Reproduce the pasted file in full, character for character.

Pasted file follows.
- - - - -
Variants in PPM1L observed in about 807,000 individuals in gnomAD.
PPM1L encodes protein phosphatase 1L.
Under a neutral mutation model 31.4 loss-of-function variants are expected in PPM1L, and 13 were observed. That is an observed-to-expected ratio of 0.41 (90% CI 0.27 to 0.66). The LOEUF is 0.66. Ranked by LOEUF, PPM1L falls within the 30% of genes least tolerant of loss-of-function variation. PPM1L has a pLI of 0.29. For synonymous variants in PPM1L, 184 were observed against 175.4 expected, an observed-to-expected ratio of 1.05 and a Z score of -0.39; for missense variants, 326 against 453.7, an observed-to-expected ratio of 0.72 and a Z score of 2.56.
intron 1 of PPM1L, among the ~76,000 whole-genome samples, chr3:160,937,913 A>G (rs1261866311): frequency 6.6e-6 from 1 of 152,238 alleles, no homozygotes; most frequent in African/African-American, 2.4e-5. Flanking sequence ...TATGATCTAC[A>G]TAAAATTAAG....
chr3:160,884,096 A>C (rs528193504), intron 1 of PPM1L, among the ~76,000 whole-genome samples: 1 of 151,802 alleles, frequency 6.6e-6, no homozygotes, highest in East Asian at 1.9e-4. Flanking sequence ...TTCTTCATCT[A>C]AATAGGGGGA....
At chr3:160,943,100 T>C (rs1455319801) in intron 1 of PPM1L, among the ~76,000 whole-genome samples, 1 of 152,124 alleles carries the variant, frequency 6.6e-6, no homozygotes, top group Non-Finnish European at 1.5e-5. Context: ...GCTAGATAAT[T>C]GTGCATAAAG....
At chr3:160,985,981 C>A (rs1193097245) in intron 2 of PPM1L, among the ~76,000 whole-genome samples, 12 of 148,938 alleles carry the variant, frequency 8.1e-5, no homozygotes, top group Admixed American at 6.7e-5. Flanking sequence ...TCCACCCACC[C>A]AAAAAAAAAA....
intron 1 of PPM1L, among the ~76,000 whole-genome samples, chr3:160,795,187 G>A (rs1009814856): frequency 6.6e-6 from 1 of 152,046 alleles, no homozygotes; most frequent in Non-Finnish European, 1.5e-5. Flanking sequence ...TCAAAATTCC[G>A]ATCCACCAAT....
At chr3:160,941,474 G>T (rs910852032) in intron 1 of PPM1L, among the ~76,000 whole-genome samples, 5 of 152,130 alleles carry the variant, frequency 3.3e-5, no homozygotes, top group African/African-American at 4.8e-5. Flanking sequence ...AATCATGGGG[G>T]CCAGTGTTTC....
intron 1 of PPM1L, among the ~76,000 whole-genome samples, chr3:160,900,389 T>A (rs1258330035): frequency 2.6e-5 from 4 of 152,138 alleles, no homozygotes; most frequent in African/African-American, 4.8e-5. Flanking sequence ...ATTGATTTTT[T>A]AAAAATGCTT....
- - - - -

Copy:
Variants in PPM1L observed in about 807,000 individuals in gnomAD.
PPM1L encodes protein phosphatase 1L.
Under a neutral mutation model 31.4 loss-of-function variants are expected in PPM1L, and 13 were observed. That is an observed-to-expected ratio of 0.41 (90% CI 0.27 to 0.66). The LOEUF is 0.66. Ranked by LOEUF, PPM1L falls within the 30% of genes least tolerant of loss-of-function variation. PPM1L has a pLI of 0.29. For synonymous variants in PPM1L, 184 were observed against 175.4 expected, an observed-to-expected ratio of 1.05 and a Z score of -0.39; for missense variants, 326 against 453.7, an observed-to-expected ratio of 0.72 and a Z score of 2.56.
intron 1 of PPM1L, among the ~76,000 whole-genome samples, chr3:160,937,913 A>G (rs1261866311): frequency 6.6e-6 from 1 of 152,238 alleles, no homozygotes; most frequent in African/African-American, 2.4e-5. Flanking sequence ...TATGATCTAC[A>G]TAAAATTAAG....
chr3:160,884,096 A>C (rs528193504), intron 1 of PPM1L, among the ~76,000 whole-genome samples: 1 of 151,802 alleles, frequency 6.6e-6, no homozygotes, highest in East Asian at 1.9e-4. Flanking sequence ...TTCTTCATCT[A>C]AATAGGGGGA....
At chr3:160,943,100 T>C (rs1455319801) in intron 1 of PPM1L, among the ~76,000 whole-genome samples, 1 of 152,124 alleles carries the variant, frequency 6.6e-6, no homozygotes, top group Non-Finnish European at 1.5e-5. Context: ...GCTAGATAAT[T>C]GTGCATAAAG....
At chr3:160,985,981 C>A (rs1193097245) in intron 2 of PPM1L, among the ~76,000 whole-genome samples, 12 of 148,938 alleles carry the variant, frequency 8.1e-5, no homozygotes, top group Admixed American at 6.7e-5. Flanking sequence ...TCCACCCACC[C>A]AAAAAAAAAA....
intron 1 of PPM1L, among the ~76,000 whole-genome samples, chr3:160,795,187 G>A (rs1009814856): frequency 6.6e-6 from 1 of 152,046 alleles, no homozygotes; most frequent in Non-Finnish European, 1.5e-5. Flanking sequence ...TCAAAATTCC[G>A]ATCCACCAAT....
At chr3:160,941,474 G>T (rs910852032) in intron 1 of PPM1L, among the ~76,000 whole-genome samples, 5 of 152,130 alleles carry the variant, frequency 3.3e-5, no homozygotes, top group African/African-American at 4.8e-5. Flanking sequence ...AATCATGGGG[G>T]CCAGTGTTTC....
intron 1 of PPM1L, among the ~76,000 whole-genome samples, chr3:160,900,389 T>A (rs1258330035): frequency 2.6e-5 from 4 of 152,138 alleles, no homozygotes; most frequent in African/African-American, 4.8e-5. Flanking sequence ...ATTGATTTTT[T>A]AAAAATGCTT....